Ann Arbor — Retired judge Steven Rhodes on Wednesday gave an insider's view of Detroit's bankruptcy case, praising lawyers who "advocated zealously for their clients" and detailing much of his decision-making process.
"We believe in the mission of the City of Detroit. It's who we are," Rhodes said. "We always love to give people a second chance, a fresh start, to forgive them. That is, after all, what bankruptcy is about."
Rhodes discussed the 17-month bankruptcy Wednesday morning at a Bank of Ann Arbor breakfast in his honor at the Barton Hills Country Club. His comments spanned topics from his hopes for Detroit's future to personal opinions on media coverage.
Rhodes emphasized multiple times that he wanted to allow media to broadcast directly from his courtroom during bankruptcy proceedings but had been prevented by federal court policies.
"I believe in a public case like this the judge in charge should have the discretion to open it up to the media," he said. "If you want my support in that effort, you'll have it."
Rhodes said he wished the media had pushed the issue of camera access to the courtroom.
"I wish that someone in the media had made a formal issue out of this by filing a First Amendment motion," he said. "It's likely that I would have granted that motion but it never happened."
Rhodes kicked off his speech detailing Detroit's decline and outlining the details of the bankruptcy plan he approved in November.
Leading up to bankruptcy, Detroit's lack of municipal services "was causing its residents real injury and real hardship," Rhodes said, adding many Detroiters felt angry and disenfranchised by an emergency manager appointment they felt was racially motivated.
But ultimately, bankruptcy resulted in a plan "most of Detroit's retirees, employees and its financial creditors supported," Rhodes said.
That plan dissolved more than $7 billion of the city's $18 billion of debt, enhanced the credit rating from junk status to "investment grade," and included "a 10-year, $1.7 billion investment to set (the city) on a path to restore municipal services and to revitalize itself," Rhodes said.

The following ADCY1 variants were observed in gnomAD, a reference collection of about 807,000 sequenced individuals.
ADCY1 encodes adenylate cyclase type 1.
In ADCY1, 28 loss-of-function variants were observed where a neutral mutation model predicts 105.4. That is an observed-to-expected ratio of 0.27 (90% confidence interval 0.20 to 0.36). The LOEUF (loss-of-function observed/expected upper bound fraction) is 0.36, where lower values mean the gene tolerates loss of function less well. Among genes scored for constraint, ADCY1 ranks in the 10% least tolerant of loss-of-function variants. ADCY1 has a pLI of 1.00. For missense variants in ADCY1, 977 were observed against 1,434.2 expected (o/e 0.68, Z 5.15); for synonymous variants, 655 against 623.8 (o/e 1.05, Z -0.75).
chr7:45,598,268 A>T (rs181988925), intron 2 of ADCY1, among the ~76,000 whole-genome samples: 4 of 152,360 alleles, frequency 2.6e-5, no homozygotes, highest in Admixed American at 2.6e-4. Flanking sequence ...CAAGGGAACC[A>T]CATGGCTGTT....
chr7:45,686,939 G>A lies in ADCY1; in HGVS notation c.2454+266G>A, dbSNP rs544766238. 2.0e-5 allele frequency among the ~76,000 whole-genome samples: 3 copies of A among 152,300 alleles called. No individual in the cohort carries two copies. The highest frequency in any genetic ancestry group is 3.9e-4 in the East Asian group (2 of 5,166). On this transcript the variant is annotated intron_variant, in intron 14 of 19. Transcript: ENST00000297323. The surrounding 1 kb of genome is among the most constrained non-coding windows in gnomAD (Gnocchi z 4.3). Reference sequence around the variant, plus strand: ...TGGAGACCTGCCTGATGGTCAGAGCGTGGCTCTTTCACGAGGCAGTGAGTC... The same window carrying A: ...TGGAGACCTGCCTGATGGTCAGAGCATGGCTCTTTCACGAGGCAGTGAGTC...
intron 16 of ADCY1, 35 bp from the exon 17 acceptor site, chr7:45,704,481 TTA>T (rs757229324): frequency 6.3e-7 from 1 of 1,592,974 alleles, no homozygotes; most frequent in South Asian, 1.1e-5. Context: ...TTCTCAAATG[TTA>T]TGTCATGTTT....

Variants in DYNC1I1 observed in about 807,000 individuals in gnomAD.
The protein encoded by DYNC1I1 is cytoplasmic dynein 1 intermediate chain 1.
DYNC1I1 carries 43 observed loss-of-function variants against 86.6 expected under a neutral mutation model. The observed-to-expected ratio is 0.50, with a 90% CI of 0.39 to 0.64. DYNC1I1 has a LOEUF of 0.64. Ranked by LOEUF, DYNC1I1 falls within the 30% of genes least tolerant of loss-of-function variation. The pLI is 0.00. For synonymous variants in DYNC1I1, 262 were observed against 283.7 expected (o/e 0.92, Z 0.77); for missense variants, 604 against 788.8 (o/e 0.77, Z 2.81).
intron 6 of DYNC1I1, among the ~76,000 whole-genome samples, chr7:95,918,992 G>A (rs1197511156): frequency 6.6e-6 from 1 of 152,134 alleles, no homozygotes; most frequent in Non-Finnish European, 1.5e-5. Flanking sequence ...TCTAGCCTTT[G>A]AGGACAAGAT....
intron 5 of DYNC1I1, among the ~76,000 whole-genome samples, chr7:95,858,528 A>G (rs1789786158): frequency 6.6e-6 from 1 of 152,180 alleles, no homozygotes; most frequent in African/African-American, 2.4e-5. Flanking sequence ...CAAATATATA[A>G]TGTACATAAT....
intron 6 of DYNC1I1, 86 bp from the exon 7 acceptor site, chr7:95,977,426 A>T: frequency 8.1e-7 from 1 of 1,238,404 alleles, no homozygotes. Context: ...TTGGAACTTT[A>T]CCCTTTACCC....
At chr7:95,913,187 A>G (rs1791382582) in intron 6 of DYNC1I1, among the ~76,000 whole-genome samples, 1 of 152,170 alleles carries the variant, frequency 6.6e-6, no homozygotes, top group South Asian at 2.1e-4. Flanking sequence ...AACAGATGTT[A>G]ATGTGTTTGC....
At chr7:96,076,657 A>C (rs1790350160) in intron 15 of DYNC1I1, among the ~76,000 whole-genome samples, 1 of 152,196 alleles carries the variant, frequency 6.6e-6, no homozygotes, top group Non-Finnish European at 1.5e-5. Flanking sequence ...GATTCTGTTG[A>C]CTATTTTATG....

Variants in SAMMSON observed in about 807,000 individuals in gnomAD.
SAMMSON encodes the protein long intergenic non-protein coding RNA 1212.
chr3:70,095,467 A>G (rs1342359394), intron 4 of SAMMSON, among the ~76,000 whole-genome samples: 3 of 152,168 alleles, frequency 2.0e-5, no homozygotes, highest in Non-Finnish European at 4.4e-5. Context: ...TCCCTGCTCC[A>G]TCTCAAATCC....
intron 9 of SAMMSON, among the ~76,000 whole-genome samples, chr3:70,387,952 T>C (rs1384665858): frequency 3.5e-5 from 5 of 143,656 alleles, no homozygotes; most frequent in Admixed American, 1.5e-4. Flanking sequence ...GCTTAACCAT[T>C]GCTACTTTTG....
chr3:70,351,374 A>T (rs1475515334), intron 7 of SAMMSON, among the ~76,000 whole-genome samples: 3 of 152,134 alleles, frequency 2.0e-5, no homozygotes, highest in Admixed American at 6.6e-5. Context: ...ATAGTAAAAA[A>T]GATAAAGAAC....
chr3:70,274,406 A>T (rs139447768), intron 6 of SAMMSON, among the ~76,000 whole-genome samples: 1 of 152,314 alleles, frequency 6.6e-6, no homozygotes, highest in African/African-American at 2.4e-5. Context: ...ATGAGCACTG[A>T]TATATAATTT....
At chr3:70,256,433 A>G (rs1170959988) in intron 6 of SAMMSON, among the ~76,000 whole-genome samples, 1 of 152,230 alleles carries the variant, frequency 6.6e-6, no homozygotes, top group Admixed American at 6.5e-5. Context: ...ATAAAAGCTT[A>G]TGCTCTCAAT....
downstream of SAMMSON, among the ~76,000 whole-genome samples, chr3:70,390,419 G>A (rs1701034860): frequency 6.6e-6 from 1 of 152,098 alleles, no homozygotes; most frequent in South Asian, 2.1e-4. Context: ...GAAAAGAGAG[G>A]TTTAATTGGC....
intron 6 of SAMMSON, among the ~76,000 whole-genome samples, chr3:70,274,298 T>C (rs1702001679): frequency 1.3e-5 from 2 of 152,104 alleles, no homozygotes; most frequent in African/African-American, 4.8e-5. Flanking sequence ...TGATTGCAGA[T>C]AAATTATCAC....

The city also is now ready to address blight, explore information technology development, fix street lights, and improve fire and EMS training, buses and parks, he said.
Rhodes was introduced Wednesday by Gov. Rick Snyder, who said he identified the crisis in Detroit before he took office as governor in 2011.
"I knew we were going to have to do extraordinary things in Detroit," he said. "I didn't know it was necessarily going to be bankruptcy."
Snyder criticized previous "lack of attention" paid to Detroit's decline.
"We didn't do much about it, we just watched the decline happen," he said. "The easy answer was to sort of say, 'It's Detroit.' That wasn't a good answer nor was it the right answer."
Snyder said he knew the city was in good hands when Rhodes emerged as the judge to usher Detroit through bankruptcy.
"From Day One, I thought we had found the right person," he said. "(Rhodes) set that leadership tone."
Rhodes during his speech Wednesday said "the smartest thing" he did during the bankruptcy was to appoint U.S. District Chief Judge Gerald Rosen as mediator in the case.
"He put together a team of great mediators and that team deserves much of the credit," Rhodes said.